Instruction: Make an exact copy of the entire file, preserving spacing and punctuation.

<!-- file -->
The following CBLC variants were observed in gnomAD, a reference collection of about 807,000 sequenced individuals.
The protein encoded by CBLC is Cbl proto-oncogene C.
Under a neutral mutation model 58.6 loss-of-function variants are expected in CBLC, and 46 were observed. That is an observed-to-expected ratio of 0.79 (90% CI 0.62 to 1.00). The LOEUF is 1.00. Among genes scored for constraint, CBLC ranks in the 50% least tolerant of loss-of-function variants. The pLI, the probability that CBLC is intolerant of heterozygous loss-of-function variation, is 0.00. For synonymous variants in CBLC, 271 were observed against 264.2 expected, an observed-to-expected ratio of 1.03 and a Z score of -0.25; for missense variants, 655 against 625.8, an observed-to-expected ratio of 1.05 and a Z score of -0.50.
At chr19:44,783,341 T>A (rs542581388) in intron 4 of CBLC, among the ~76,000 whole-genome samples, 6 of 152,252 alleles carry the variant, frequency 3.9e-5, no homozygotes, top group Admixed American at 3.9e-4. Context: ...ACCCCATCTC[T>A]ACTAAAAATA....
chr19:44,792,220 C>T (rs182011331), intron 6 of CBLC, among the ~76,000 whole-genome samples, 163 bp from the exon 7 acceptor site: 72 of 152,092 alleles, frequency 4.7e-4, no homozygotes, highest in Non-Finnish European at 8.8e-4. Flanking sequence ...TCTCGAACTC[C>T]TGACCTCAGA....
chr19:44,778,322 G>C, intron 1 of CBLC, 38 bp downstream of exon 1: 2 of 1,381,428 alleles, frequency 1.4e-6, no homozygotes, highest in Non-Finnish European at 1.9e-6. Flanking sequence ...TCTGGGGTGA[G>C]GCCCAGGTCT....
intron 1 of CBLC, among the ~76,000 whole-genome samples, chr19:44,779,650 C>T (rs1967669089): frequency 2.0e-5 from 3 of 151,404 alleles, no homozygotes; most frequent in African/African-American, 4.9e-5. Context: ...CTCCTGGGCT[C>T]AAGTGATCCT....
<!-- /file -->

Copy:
The following CBLC variants were observed in gnomAD, a reference collection of about 807,000 sequenced individuals.
The protein encoded by CBLC is Cbl proto-oncogene C.
Under a neutral mutation model 58.6 loss-of-function variants are expected in CBLC, and 46 were observed. That is an observed-to-expected ratio of 0.79 (90% CI 0.62 to 1.00). The LOEUF is 1.00. Among genes scored for constraint, CBLC ranks in the 50% least tolerant of loss-of-function variants. The pLI, the probability that CBLC is intolerant of heterozygous loss-of-function variation, is 0.00. For synonymous variants in CBLC, 271 were observed against 264.2 expected, an observed-to-expected ratio of 1.03 and a Z score of -0.25; for missense variants, 655 against 625.8, an observed-to-expected ratio of 1.05 and a Z score of -0.50.
At chr19:44,783,341 T>A (rs542581388) in intron 4 of CBLC, among the ~76,000 whole-genome samples, 6 of 152,252 alleles carry the variant, frequency 3.9e-5, no homozygotes, top group Admixed American at 3.9e-4. Context: ...ACCCCATCTC[T>A]ACTAAAAATA....
chr19:44,792,220 C>T (rs182011331), intron 6 of CBLC, among the ~76,000 whole-genome samples, 163 bp from the exon 7 acceptor site: 72 of 152,092 alleles, frequency 4.7e-4, no homozygotes, highest in Non-Finnish European at 8.8e-4. Flanking sequence ...TCTCGAACTC[C>T]TGACCTCAGA....
chr19:44,778,322 G>C, intron 1 of CBLC, 38 bp downstream of exon 1: 2 of 1,381,428 alleles, frequency 1.4e-6, no homozygotes, highest in Non-Finnish European at 1.9e-6. Flanking sequence ...TCTGGGGTGA[G>C]GCCCAGGTCT....
intron 1 of CBLC, among the ~76,000 whole-genome samples, chr19:44,779,650 C>T (rs1967669089): frequency 2.0e-5 from 3 of 151,404 alleles, no homozygotes; most frequent in African/African-American, 4.9e-5. Context: ...CTCCTGGGCT[C>T]AAGTGATCCT....